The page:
Used 1996 Mercedes-Benz S-Class Review
Big Mercedes sedans have always been the ultimate automobiles. They scream success, are engineered to be driven hard, and keep the general public at bay. The S-Class projects confidence, prestige, and a certain amount of cold indifference.
Starting at just under $70,000 for the surprisingly speedy S320 six-cylinder sedan, and topping out at double that price for a S600 twelve-cylinder behemoth, the S-Class doesn't seem much like a mega-buck automobile on the inside. The switchgear feels relatively chintzy, the flimsy dash panel above the central vents is totally unacceptable in a car of this caliber, and the cheesy terry cloth fabric covering the lower dash feels and looks low rent.
Ergonomics are slightly marred by a plethora of confusing pictographs. Otherwise, the dash layout is perfect, as is the seating position. Step out and close the door; the thunk as it shuts exudes quality craftsmanship. The exterior styling is slab-sided and massive, making the car look fat. Aside from the traditional grille, the S-Class is devoid of exterior character, more so than the pedestrian Lexus LS400, and in startling contrast to the BMW 7-Series.
For 1996, Mercedes has developed an Electronic Stability Program (ESP) for the S-Class, and other Mercedes models, that helps the driver retain control of the big Benz at all times while driving in adverse conditions. ESP is standard on the V12 models and optional on V8 models. A new electronic five-speed transmission is installed on V12 and V8 models, and all S-Class sedans get a power glass sunroof standard. Gone is the S350 Turbodiesel.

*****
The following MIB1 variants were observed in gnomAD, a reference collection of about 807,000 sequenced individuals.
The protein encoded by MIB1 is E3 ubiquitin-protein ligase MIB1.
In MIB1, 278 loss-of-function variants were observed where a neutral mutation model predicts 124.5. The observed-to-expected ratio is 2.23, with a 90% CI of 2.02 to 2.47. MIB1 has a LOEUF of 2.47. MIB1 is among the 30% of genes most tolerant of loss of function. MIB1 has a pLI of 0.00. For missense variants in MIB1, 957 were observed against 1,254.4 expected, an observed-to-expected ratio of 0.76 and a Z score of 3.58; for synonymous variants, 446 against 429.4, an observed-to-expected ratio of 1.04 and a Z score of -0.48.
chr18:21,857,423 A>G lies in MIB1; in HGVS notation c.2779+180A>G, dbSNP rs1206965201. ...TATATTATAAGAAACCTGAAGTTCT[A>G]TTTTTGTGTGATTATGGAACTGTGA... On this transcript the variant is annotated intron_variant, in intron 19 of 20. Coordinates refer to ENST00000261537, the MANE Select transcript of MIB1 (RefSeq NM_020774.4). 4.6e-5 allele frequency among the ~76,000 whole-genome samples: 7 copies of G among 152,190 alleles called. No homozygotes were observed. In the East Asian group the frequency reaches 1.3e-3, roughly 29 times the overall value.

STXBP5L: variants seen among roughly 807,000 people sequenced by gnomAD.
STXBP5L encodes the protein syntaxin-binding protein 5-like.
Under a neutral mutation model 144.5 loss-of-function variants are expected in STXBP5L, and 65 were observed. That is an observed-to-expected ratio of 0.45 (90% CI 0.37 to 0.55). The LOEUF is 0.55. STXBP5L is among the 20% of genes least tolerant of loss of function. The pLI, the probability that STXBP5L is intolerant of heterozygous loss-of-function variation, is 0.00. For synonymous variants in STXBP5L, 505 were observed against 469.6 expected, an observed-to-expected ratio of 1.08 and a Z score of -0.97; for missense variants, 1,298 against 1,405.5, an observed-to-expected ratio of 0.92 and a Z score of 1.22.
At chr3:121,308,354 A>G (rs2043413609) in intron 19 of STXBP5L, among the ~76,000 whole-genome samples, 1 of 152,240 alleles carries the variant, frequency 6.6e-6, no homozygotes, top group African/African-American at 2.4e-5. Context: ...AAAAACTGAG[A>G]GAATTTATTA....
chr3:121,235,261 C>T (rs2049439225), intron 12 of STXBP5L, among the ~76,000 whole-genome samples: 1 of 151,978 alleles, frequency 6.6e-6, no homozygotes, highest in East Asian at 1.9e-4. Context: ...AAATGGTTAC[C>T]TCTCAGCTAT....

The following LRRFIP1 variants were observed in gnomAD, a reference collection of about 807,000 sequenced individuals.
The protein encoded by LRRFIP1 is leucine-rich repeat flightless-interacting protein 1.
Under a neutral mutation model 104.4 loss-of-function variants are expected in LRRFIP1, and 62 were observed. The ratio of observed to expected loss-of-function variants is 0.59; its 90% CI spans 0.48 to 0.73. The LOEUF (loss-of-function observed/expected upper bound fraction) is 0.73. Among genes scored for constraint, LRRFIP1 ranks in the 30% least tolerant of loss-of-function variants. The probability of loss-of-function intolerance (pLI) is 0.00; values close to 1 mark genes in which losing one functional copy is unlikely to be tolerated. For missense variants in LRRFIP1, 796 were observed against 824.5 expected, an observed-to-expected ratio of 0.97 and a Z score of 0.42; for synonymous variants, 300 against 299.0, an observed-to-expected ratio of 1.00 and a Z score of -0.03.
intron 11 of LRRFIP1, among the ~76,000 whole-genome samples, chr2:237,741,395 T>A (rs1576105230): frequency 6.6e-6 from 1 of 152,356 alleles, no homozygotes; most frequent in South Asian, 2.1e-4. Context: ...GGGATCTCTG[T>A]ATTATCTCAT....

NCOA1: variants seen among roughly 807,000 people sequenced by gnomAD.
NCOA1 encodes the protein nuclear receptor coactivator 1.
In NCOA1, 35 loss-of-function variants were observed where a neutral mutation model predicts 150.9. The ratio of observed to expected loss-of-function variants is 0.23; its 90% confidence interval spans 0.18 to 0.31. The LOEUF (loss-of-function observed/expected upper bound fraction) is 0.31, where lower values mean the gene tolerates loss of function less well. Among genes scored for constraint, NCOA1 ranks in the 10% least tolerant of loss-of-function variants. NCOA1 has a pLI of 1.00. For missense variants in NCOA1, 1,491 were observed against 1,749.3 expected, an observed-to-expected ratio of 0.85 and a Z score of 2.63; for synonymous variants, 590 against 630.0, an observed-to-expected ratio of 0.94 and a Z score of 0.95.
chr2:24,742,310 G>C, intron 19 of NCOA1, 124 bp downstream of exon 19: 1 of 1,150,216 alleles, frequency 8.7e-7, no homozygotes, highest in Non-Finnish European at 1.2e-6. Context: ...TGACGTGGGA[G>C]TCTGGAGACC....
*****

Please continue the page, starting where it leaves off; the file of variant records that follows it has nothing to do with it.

Prices are way out of line, but evidently some people feel that the S-Class is worth it. Mercedes sold about 15,000 of these cars in 1994. We think some of those folks would have been happier with the BMW 7-Series or the Lexus LS400. We would.
edmunds expert review process
This review was written by a member of Edmunds' editorial team of expert car reviewers. Our team drives every car you can buy. We put the vehicles through rigorous testing, evaluating how they drive and comparing them in detail to their competitors.
We're also regular people like you, so we pay attention to all the different ways people use their cars every day. We want to know if there's enough room for our families and our weekend gear and whether or not our favorite drink fits in the cupholder. Our editors want to help you make the best decision on a car that fits your life.